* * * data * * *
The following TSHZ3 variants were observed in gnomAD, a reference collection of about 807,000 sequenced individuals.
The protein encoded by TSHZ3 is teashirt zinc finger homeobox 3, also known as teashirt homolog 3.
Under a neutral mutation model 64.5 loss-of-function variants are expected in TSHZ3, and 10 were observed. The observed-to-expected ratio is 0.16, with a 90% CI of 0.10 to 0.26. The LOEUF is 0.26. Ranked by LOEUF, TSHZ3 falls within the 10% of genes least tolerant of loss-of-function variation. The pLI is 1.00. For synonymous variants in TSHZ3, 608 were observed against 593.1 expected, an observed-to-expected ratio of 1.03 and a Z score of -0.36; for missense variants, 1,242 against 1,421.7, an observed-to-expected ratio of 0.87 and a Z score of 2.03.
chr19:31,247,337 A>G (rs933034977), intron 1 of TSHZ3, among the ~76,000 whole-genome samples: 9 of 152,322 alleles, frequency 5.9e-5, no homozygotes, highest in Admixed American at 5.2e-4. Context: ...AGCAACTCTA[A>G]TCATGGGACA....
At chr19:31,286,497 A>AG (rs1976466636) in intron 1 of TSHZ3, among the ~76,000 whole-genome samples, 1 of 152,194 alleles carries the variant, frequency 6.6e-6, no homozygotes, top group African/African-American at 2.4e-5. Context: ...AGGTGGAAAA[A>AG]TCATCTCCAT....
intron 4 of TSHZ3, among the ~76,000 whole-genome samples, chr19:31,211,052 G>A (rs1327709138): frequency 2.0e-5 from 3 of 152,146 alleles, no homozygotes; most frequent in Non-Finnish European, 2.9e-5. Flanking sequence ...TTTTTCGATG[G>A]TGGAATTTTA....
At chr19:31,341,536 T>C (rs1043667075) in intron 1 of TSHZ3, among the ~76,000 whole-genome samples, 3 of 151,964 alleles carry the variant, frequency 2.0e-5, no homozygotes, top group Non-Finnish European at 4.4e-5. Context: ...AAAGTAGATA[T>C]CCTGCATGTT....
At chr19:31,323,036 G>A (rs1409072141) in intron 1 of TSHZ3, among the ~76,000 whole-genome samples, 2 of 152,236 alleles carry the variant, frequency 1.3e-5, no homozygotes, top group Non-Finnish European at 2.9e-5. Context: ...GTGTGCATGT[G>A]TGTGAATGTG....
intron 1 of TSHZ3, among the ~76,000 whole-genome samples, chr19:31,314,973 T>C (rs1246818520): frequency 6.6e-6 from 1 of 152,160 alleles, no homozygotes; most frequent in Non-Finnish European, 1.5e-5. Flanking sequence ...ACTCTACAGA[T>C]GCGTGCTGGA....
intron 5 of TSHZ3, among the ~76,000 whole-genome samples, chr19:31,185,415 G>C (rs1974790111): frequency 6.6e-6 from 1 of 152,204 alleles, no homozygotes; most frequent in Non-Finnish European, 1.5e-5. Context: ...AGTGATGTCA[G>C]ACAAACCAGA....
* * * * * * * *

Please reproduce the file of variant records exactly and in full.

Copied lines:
The following TSHZ3 variants were observed in gnomAD, a reference collection of about 807,000 sequenced individuals.
The protein encoded by TSHZ3 is teashirt zinc finger homeobox 3, also known as teashirt homolog 3.
Under a neutral mutation model 64.5 loss-of-function variants are expected in TSHZ3, and 10 were observed. The observed-to-expected ratio is 0.16, with a 90% CI of 0.10 to 0.26. The LOEUF is 0.26. Ranked by LOEUF, TSHZ3 falls within the 10% of genes least tolerant of loss-of-function variation. The pLI is 1.00. For synonymous variants in TSHZ3, 608 were observed against 593.1 expected, an observed-to-expected ratio of 1.03 and a Z score of -0.36; for missense variants, 1,242 against 1,421.7, an observed-to-expected ratio of 0.87 and a Z score of 2.03.
chr19:31,247,337 A>G (rs933034977), intron 1 of TSHZ3, among the ~76,000 whole-genome samples: 9 of 152,322 alleles, frequency 5.9e-5, no homozygotes, highest in Admixed American at 5.2e-4. Context: ...AGCAACTCTA[A>G]TCATGGGACA....
At chr19:31,286,497 A>AG (rs1976466636) in intron 1 of TSHZ3, among the ~76,000 whole-genome samples, 1 of 152,194 alleles carries the variant, frequency 6.6e-6, no homozygotes, top group African/African-American at 2.4e-5. Context: ...AGGTGGAAAA[A>AG]TCATCTCCAT....
intron 4 of TSHZ3, among the ~76,000 whole-genome samples, chr19:31,211,052 G>A (rs1327709138): frequency 2.0e-5 from 3 of 152,146 alleles, no homozygotes; most frequent in Non-Finnish European, 2.9e-5. Flanking sequence ...TTTTTCGATG[G>A]TGGAATTTTA....
At chr19:31,341,536 T>C (rs1043667075) in intron 1 of TSHZ3, among the ~76,000 whole-genome samples, 3 of 151,964 alleles carry the variant, frequency 2.0e-5, no homozygotes, top group Non-Finnish European at 4.4e-5. Context: ...AAAGTAGATA[T>C]CCTGCATGTT....
At chr19:31,323,036 G>A (rs1409072141) in intron 1 of TSHZ3, among the ~76,000 whole-genome samples, 2 of 152,236 alleles carry the variant, frequency 1.3e-5, no homozygotes, top group Non-Finnish European at 2.9e-5. Context: ...GTGTGCATGT[G>A]TGTGAATGTG....
intron 1 of TSHZ3, among the ~76,000 whole-genome samples, chr19:31,314,973 T>C (rs1246818520): frequency 6.6e-6 from 1 of 152,160 alleles, no homozygotes; most frequent in Non-Finnish European, 1.5e-5. Flanking sequence ...ACTCTACAGA[T>C]GCGTGCTGGA....
intron 5 of TSHZ3, among the ~76,000 whole-genome samples, chr19:31,185,415 G>C (rs1974790111): frequency 6.6e-6 from 1 of 152,204 alleles, no homozygotes; most frequent in Non-Finnish European, 1.5e-5. Context: ...AGTGATGTCA[G>C]ACAAACCAGA....